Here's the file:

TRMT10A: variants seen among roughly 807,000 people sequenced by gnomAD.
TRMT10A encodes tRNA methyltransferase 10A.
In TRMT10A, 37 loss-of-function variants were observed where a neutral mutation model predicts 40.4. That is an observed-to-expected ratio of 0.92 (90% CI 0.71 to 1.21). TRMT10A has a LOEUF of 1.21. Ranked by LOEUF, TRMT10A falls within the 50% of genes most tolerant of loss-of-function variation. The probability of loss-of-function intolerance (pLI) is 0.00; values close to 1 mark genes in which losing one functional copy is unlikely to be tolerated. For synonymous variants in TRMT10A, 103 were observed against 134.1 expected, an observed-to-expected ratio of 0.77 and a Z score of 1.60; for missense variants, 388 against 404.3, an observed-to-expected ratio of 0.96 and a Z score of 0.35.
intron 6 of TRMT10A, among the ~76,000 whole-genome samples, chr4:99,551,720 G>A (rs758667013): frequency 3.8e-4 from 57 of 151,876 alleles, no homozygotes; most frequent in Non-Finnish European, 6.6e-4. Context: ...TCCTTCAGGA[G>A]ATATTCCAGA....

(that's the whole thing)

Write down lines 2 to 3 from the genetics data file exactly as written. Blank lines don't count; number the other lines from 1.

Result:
TRMT10A encodes tRNA methyltransferase 10A.
In TRMT10A, 37 loss-of-function variants were observed where a neutral mutation model predicts 40.4. That is an observed-to-expected ratio of 0.92 (90% CI 0.71 to 1.21). TRMT10A has a LOEUF of 1.21. Ranked by LOEUF, TRMT10A falls within the 50% of genes most tolerant of loss-of-function variation. The probability of loss-of-function intolerance (pLI) is 0.00; values close to 1 mark genes in which losing one functional copy is unlikely to be tolerated. For synonymous variants in TRMT10A, 103 were observed against 134.1 expected, an observed-to-expected ratio of 0.77 and a Z score of 1.60; for missense variants, 388 against 404.3, an observed-to-expected ratio of 0.96 and a Z score of 0.35.